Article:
The state of gay rights in the United States is changing so rapidly that we forget sometimes how quickly change has come. It was only in 2003, for instance, that the Supreme Court struck down state bans on sodomy in the case of Lawrence v. Texas. Dale Carpenter's book Flagrant Conduct looks at how that case came to the Supreme Court, and how it was won. It's not only a fine piece of journalism, but entertaining reading as well.
John Lawrence and Tyson Garner were arrested by Houston police in 1998 when they were discovered having sex in the bedroom of Lawrence's apartment. They'd been summoned by an angry friend of Garner's, who had reported "a crazy black man waving a gun around." Texas was among the states that still had sodomy laws on the books, and its law specifically targeted gay sex; sodomy was legal for heterosexuals.
Lawrence and Garner were nobody's idea of the dream clients for such a case. They were lower-middle class, an interracial couple separated by about 25 years in age, not in a long-term relationship (not much more than casual acquiantances, really, and Carpenter makes a strong case that it's unlikely they were even having sex in the first place) -- not at all the pair of handsome, charming men with perfect smiles that you'd love to represent. Carpenter’s reporting brings the men to vivid life, making them more than just names on a legal docket. The increasing politicization of Lawrence as the case progresses is one of the book’s most interesting subplots.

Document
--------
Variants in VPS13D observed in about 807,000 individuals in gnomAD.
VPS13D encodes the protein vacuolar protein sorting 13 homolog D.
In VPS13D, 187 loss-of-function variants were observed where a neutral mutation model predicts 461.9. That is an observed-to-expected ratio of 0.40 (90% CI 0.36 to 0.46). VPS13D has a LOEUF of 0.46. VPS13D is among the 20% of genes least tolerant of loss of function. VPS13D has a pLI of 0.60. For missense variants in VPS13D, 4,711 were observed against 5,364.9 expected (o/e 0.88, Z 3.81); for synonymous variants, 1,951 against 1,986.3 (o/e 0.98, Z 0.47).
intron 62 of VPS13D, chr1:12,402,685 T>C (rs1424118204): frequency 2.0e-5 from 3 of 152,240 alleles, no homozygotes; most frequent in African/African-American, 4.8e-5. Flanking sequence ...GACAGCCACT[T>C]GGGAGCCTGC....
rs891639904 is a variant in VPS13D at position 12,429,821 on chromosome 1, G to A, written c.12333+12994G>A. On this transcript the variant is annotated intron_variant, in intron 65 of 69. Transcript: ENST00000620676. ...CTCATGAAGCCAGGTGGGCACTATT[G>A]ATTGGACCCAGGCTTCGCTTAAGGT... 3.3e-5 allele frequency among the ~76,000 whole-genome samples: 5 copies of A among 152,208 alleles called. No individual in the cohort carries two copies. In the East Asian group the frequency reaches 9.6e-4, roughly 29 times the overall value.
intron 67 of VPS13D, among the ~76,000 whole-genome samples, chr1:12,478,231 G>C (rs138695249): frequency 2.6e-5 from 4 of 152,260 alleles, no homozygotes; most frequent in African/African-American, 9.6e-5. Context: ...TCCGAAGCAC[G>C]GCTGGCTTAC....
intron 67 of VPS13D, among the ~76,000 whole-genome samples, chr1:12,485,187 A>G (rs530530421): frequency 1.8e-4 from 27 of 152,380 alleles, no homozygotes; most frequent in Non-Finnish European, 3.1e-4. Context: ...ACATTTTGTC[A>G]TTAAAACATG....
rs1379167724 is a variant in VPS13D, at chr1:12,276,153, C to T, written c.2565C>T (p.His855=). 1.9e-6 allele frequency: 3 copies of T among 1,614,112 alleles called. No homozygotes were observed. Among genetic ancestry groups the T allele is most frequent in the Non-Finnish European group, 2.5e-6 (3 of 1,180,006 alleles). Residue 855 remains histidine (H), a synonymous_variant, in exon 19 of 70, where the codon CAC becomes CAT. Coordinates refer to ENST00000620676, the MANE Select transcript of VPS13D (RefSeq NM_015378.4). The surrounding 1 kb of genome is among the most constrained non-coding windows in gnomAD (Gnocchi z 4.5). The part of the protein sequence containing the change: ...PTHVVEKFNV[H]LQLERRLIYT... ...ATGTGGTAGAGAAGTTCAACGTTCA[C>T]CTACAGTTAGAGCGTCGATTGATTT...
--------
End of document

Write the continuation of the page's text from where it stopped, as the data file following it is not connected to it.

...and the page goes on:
As flawed as the two men may have been, cases of people being arrested in their home for violation of such laws were so rare that when news of the arrest reached the Houston gay rights community, they knew that this was as good a test case as they would ever get. And everyone involved understood the importance of the case. One of the fascinating parts of Carpenter’s reporting is watching how the county and state judges and prosecutors help the case along; there were numerous people along the way who could have declined to prosecute or decided to throw the case out of court, which would have kept it from ever getting to the Supreme Court.
Carpenter never suggests that anyone was actually trying to throw the case, but the legal mismatch when the case did arrive at the Supreme Court was striking. The defense had quickly been taken over by the activist community, who hired the best civil rights attorneys in the country to argue the case; Texas was represented by the Harris County district attorney, who had never argued before the Supreme Court, and had hired no outside lawyers to assist him in his preparation.
Carpenter does an excellent job of explaining the case’s legal details so that the non-lawyer can follow what’s happening. His description of the arguments before the Supreme Court is detailed and comprehensive. He is particularly good at explaining the implications of the questions asked by the Justices, and analyzing how their questions reveal their thinking about the case.